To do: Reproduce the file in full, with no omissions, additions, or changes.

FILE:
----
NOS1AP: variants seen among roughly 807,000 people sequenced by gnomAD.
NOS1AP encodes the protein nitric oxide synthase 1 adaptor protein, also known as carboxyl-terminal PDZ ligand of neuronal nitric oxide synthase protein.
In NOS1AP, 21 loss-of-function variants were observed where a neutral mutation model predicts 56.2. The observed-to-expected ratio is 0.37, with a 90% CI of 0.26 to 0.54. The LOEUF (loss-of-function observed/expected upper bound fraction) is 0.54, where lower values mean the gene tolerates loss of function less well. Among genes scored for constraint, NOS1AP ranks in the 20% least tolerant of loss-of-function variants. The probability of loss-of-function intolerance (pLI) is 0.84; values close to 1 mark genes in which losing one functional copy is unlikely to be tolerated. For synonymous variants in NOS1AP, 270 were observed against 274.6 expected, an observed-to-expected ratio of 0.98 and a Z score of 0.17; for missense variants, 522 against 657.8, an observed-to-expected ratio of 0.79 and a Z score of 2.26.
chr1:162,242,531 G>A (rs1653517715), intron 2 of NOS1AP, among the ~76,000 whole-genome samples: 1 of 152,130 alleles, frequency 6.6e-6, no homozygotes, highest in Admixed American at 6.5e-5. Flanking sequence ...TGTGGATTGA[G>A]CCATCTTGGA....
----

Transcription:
NOS1AP: variants seen among roughly 807,000 people sequenced by gnomAD.
NOS1AP encodes the protein nitric oxide synthase 1 adaptor protein, also known as carboxyl-terminal PDZ ligand of neuronal nitric oxide synthase protein.
In NOS1AP, 21 loss-of-function variants were observed where a neutral mutation model predicts 56.2. The observed-to-expected ratio is 0.37, with a 90% CI of 0.26 to 0.54. The LOEUF (loss-of-function observed/expected upper bound fraction) is 0.54, where lower values mean the gene tolerates loss of function less well. Among genes scored for constraint, NOS1AP ranks in the 20% least tolerant of loss-of-function variants. The probability of loss-of-function intolerance (pLI) is 0.84; values close to 1 mark genes in which losing one functional copy is unlikely to be tolerated. For synonymous variants in NOS1AP, 270 were observed against 274.6 expected, an observed-to-expected ratio of 0.98 and a Z score of 0.17; for missense variants, 522 against 657.8, an observed-to-expected ratio of 0.79 and a Z score of 2.26.
chr1:162,242,531 G>A (rs1653517715), intron 2 of NOS1AP, among the ~76,000 whole-genome samples: 1 of 152,130 alleles, frequency 6.6e-6, no homozygotes, highest in Admixed American at 6.5e-5. Flanking sequence ...TGTGGATTGA[G>A]CCATCTTGGA....